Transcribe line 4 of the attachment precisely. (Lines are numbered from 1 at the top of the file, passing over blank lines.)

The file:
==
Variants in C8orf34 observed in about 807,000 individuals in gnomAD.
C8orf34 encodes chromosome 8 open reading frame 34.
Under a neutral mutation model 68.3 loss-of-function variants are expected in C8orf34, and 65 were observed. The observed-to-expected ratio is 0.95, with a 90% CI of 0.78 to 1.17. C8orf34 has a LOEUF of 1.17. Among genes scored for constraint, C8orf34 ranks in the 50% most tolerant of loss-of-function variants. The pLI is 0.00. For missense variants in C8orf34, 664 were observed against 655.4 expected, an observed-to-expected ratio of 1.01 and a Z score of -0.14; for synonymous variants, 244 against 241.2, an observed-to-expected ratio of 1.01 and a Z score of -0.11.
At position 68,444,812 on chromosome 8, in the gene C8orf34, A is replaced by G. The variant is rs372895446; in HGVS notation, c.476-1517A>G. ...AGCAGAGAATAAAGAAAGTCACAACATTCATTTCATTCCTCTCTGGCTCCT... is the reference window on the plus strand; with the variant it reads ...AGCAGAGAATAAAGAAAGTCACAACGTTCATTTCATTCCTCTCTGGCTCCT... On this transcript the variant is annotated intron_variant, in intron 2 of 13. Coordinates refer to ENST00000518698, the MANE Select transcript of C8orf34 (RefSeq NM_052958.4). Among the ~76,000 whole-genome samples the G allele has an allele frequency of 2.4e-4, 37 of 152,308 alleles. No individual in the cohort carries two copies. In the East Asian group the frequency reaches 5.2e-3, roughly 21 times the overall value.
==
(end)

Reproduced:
At position 68,444,812 on chromosome 8, in the gene C8orf34, A is replaced by G. The variant is rs372895446; in HGVS notation, c.476-1517A>G. ...AGCAGAGAATAAAGAAAGTCACAACATTCATTTCATTCCTCTCTGGCTCCT... is the reference window on the plus strand; with the variant it reads ...AGCAGAGAATAAAGAAAGTCACAACGTTCATTTCATTCCTCTCTGGCTCCT... On this transcript the variant is annotated intron_variant, in intron 2 of 13. Coordinates refer to ENST00000518698, the MANE Select transcript of C8orf34 (RefSeq NM_052958.4). Among the ~76,000 whole-genome samples the G allele has an allele frequency of 2.4e-4, 37 of 152,308 alleles. No individual in the cohort carries two copies. In the East Asian group the frequency reaches 5.2e-3, roughly 21 times the overall value.